I don’t enjoy the masochistic watching of horror shows. But I always make an exception for Stranger Things. Or what we have so far, at least, since it is being released in two volumes. This sci-fi horror series follows residents experiencing supernatural encounters with an alternate reality in the fictional town Hawkins in the 1980s USA. Season Four is jam-packed with TV goodness and outstanding crafts in everything ranging from the storyline, characters, acting, settings, and cinematography to the soundtrack. It develops the fascinatingly complex sci-fi concepts of the previous seasons even further within three distinct plotlines.
The Duffer Brothers successfully produced the spectacular worlds in the drama. The soundtrack pumps out classic 1980s tunes and goosebump-inducing sound effects to convey the eery atmosphere caused by the looming alternate reality, the Upside Down. Likewise, the Upside Down — characterised by the hellish red sky, dark objects, and snaky blue atmosphere infused with floating decayed particles — that viewers are all too familiar with now is made even more terrifying with the ominous addition of a location: the new monster Vecna’s hive mind. Here he parades his kills like prized trophies.
Although the last season came out three years ago, this one nonetheless went all out.
After mentally luring his victims into a trance, Vecna supernaturally entraps them. His first victim, Chrissy, succumbs to intrigue upon hearing the grandfather clock ring. She falls into a trance as her eyes become strained and veined whilst Vecna communicates from his world within her mind. Leading up to the final kill, she then levitates and her body grossly — sickeningly — contorts and snaps and her eyes are magically punched as the two realities collide. I couldn’t help wincing at these bits.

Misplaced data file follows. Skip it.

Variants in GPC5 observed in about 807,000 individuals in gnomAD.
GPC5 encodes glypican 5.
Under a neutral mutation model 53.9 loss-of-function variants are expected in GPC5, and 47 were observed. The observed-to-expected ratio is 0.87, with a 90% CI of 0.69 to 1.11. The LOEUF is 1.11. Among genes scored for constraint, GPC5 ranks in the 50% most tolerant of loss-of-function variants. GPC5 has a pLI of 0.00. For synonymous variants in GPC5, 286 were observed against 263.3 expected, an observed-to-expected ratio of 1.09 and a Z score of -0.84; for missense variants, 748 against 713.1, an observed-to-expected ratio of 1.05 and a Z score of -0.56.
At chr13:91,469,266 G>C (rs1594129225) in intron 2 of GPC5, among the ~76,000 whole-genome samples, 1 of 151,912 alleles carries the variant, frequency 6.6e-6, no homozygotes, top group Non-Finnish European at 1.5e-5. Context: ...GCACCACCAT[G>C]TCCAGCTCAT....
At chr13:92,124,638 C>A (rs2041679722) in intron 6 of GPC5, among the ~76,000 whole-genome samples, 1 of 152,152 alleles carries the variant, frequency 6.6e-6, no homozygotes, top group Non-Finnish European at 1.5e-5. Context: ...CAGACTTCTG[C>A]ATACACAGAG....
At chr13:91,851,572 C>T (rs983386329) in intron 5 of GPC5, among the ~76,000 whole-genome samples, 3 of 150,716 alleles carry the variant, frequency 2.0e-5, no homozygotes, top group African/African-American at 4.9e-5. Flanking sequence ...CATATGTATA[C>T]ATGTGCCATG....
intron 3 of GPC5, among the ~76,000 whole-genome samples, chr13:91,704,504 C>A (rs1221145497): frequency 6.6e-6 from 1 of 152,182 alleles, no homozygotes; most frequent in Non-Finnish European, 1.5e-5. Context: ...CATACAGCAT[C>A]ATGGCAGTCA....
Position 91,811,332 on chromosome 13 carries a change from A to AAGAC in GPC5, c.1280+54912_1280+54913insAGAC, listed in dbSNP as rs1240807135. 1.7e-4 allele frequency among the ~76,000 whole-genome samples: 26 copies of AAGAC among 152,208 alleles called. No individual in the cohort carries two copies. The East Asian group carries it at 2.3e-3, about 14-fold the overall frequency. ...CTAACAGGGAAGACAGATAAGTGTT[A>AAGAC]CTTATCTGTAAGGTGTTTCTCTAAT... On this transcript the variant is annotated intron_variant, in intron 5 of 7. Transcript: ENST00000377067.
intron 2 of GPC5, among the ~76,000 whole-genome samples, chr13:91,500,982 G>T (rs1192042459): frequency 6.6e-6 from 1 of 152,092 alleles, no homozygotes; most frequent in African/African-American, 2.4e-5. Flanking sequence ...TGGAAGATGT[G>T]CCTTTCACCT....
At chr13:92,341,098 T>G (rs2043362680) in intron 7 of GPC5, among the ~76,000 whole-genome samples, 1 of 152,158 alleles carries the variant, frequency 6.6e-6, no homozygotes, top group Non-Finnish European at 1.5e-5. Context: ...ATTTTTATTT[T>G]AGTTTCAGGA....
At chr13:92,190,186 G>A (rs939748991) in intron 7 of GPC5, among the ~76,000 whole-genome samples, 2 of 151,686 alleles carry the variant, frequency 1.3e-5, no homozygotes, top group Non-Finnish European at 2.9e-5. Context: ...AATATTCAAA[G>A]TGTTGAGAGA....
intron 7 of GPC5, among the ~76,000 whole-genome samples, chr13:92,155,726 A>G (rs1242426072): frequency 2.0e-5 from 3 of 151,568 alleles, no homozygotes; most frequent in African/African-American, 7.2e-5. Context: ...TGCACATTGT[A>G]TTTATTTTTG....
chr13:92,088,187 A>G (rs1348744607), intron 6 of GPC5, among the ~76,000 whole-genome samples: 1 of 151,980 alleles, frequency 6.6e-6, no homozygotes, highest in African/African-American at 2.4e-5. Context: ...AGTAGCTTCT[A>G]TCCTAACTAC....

The storyline unsurprisingly improves in each new season, but I contend that Season Four improved threefold. Although the last season came out three years ago, this one nonetheless went all out. Just when I thought I finally truly knew Eleven (“11”) or Jane (Millie Bobby Brown), her backstory develops even further. Innumerable flashbacks to Eleven’s time at the child experimentation laboratory feast us to the traumas that scar her. Brown’s acting skills are admirable when she is reunited with Doctor Brennan, or “Papa”, during her return to Hawkins laboratory in Chapter Five. In response to his unexpected appearance, she fluently exhibits multiple emotions of apprehension, trauma, rage, and terror, conveying Eleven’s aversion towards “Papa”.
Photo by Rafal Werczynski via Unsplash
This volume climaxes on a massive cliffhanger at the end of Chapter Seven. A laboratory staff worker is revealed to be the legendary, omnipotent One (“001”). He is then revealed to be the antagonistic villain Vecna. Leaving us on a mid-season cliffhanger is certainly a unique marketing strategy. Perhaps it wasn’t the greatest idea to release the season in two volumes an entire month apart given our contemporary binge-watching culture and short attention spans.
In retrospect, the season thus far has indeed delivered quality entertainment that had me on the edge of my seat with my hair raised, spine shivering, and eyes vigilant. If this is Volume One, I cannot wait to see what twists Volume Two brings.